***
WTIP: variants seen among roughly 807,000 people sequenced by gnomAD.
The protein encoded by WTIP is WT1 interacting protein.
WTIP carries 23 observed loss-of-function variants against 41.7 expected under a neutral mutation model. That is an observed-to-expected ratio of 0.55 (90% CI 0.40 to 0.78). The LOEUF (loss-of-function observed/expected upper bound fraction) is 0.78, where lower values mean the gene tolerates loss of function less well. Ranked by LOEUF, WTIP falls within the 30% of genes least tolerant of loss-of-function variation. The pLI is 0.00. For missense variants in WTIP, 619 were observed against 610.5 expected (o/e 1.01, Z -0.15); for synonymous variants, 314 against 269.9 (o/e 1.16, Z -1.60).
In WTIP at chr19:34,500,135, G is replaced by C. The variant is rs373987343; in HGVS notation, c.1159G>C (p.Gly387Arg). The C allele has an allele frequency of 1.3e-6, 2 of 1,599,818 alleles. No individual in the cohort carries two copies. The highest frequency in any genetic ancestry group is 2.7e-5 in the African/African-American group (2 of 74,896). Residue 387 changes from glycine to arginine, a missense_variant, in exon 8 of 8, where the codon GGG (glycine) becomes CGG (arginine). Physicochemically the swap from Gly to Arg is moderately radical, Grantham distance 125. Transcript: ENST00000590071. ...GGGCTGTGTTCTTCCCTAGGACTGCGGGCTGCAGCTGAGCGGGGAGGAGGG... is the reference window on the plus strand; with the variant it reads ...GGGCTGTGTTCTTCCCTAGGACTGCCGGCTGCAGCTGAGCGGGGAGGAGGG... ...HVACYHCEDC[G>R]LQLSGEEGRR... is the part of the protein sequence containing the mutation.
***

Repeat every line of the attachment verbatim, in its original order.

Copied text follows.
WTIP: variants seen among roughly 807,000 people sequenced by gnomAD.
The protein encoded by WTIP is WT1 interacting protein.
WTIP carries 23 observed loss-of-function variants against 41.7 expected under a neutral mutation model. That is an observed-to-expected ratio of 0.55 (90% CI 0.40 to 0.78). The LOEUF (loss-of-function observed/expected upper bound fraction) is 0.78, where lower values mean the gene tolerates loss of function less well. Ranked by LOEUF, WTIP falls within the 30% of genes least tolerant of loss-of-function variation. The pLI is 0.00. For missense variants in WTIP, 619 were observed against 610.5 expected (o/e 1.01, Z -0.15); for synonymous variants, 314 against 269.9 (o/e 1.16, Z -1.60).
In WTIP at chr19:34,500,135, G is replaced by C. The variant is rs373987343; in HGVS notation, c.1159G>C (p.Gly387Arg). The C allele has an allele frequency of 1.3e-6, 2 of 1,599,818 alleles. No individual in the cohort carries two copies. The highest frequency in any genetic ancestry group is 2.7e-5 in the African/African-American group (2 of 74,896). Residue 387 changes from glycine to arginine, a missense_variant, in exon 8 of 8, where the codon GGG (glycine) becomes CGG (arginine). Physicochemically the swap from Gly to Arg is moderately radical, Grantham distance 125. Transcript: ENST00000590071. ...GGGCTGTGTTCTTCCCTAGGACTGCGGGCTGCAGCTGAGCGGGGAGGAGGG... is the reference window on the plus strand; with the variant it reads ...GGGCTGTGTTCTTCCCTAGGACTGCCGGCTGCAGCTGAGCGGGGAGGAGGG... ...HVACYHCEDC[G>R]LQLSGEEGRR... is the part of the protein sequence containing the mutation.